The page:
If you want to update your concrete foundation, give it a makeover with a coat of paint. Concrete is often gray, which can be dull, especially when you update the rest of the house.
However, since concrete surfaces are porous, it can be challenging to paint. It is still possible to paint the concrete foundation with the right techniques by following these tips.
Prepare to Paint the Foundation
To paint the foundation, gather:
- work gloves
- eye goggles
- masking tape
- drop cloths or plastic
- garden hose or pressure washer
- trisodium phosphate
- white vinegar (optional)
- wire brush
- paint scraper
- paint brush and thick nap roller
- acrylic concrete filler
- concrete sealer
- acrylic block fill primer and concrete paint or vinyl enamel paint
Try to pain during a three to four-day dry spell. Use lawn cutting tools to remove weeds or vines that may get in the way.
Check for cracks, and fill them with concrete filler. If the foundation has been painted before, use the scraper or wire brush or remove the old paint flakes, then rinse with the hose or pressure washer. Otherwise, proceed to clean.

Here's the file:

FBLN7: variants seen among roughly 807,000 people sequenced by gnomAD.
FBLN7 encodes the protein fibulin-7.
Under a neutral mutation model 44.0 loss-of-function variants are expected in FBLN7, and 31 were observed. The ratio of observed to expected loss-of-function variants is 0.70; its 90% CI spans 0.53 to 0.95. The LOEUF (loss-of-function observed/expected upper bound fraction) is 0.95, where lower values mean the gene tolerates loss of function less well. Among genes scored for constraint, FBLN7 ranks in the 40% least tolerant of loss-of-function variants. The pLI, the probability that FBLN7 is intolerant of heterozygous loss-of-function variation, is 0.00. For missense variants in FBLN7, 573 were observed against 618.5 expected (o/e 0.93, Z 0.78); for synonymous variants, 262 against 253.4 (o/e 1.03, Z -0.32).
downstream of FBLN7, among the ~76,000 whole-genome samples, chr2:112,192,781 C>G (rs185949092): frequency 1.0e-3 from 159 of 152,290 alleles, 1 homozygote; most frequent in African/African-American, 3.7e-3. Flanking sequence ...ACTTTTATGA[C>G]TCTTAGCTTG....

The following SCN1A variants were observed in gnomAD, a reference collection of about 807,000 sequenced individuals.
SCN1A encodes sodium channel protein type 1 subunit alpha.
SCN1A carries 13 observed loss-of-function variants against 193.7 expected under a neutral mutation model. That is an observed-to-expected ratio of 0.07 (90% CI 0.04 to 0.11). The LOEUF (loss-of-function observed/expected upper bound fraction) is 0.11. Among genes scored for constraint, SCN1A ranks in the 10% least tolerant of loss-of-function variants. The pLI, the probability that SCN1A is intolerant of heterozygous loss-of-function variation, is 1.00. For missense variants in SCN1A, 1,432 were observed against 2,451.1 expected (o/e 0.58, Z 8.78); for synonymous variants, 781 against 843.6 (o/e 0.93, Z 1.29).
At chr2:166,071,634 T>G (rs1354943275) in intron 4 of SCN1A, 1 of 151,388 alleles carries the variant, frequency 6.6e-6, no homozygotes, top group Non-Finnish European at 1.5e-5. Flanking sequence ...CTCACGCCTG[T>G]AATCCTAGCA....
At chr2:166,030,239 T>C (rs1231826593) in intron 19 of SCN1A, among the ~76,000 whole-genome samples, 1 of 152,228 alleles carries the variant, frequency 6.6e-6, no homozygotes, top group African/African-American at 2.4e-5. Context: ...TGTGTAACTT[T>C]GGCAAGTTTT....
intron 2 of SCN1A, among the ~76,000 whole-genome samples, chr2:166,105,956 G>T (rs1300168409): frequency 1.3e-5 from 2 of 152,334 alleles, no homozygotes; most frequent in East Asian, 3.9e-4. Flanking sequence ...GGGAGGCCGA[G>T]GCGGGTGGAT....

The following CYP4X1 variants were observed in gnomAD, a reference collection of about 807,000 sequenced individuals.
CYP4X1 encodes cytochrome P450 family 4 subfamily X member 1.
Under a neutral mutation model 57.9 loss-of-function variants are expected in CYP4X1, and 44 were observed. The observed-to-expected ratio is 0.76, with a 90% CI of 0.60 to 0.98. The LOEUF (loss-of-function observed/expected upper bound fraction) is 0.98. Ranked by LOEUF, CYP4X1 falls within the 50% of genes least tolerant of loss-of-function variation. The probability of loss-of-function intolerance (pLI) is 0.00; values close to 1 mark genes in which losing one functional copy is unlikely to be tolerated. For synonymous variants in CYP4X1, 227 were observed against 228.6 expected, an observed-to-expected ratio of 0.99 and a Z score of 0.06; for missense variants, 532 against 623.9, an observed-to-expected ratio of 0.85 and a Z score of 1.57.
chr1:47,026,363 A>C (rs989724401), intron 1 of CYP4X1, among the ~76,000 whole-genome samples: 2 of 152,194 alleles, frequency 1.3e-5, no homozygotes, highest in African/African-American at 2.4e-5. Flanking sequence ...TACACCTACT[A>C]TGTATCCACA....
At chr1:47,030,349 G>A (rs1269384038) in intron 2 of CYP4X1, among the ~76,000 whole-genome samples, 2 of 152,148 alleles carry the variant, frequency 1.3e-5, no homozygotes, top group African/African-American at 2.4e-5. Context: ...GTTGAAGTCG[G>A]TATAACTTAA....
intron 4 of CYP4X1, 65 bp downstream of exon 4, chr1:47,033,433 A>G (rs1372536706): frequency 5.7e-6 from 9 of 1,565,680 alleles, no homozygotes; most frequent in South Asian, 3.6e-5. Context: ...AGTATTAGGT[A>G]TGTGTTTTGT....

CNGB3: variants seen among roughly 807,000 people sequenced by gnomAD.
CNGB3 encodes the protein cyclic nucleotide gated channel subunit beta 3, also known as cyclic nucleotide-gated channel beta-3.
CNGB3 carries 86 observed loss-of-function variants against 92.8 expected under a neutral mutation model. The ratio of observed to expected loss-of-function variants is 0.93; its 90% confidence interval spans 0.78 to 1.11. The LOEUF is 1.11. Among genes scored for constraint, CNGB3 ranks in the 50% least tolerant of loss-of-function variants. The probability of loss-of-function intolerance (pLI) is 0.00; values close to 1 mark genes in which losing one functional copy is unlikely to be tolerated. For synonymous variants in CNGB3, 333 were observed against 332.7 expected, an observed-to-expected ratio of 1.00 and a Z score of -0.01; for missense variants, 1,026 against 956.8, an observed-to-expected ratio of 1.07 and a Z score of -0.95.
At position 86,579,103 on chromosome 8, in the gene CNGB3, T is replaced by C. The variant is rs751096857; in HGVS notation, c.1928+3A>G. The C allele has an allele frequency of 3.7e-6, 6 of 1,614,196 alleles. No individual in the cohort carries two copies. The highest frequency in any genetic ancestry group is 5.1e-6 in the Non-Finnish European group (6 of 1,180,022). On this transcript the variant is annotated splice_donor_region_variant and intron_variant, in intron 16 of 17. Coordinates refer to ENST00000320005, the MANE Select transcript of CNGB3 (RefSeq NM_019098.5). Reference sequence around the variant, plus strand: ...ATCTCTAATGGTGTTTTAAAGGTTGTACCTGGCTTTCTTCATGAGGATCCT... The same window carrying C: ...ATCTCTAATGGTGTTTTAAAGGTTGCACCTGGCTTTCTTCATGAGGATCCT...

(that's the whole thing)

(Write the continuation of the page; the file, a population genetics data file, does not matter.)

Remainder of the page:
Clean and Seal
Prepare a bucket of trisodium phosphate according to directions, and scrub the surface. Be careful to not get any trisodium phosphate on your skin. Let the trisodium phosphate stand several minutes.
If you find white efflorescence stains, mix white vinegar and warm water in a bucket, dip the brush in the mixture, and scrub the surface. White efflorescence is a powder substance that often occurs on moist concrete. Use the hose or pressure washer to rinse, and let it dry for twenty-four hours.
Lay drop cloths or plastic around the base. Since concrete is porous, you will need to seal it before priming. Let the sealer dry, which usually takes five to seven days, then cover adjacent wall and driveway borders with masking tape.
Prime and Paint
If the concrete has just been laid recently, wait about thirty days before you change the color, so the structure can set. Blocking primer helps to make the surface even, and it covers pores. Prime the surface, making a three-inch thin strip around the edges with the brush. If there are grooves, prime them first.
After you prime the edges, roll primer on the rest of the surface, cleaning extra with rags. Let the first coat dry, and add two to three more thin coats as needed for coverage.
Apply concrete paint or vinyl enamel paint for better adhesion. Paint the surface in the same manner as the primer starting with the edges or grooves, followed by flat surfaces. Let the first coat dry and add another coat, if needed.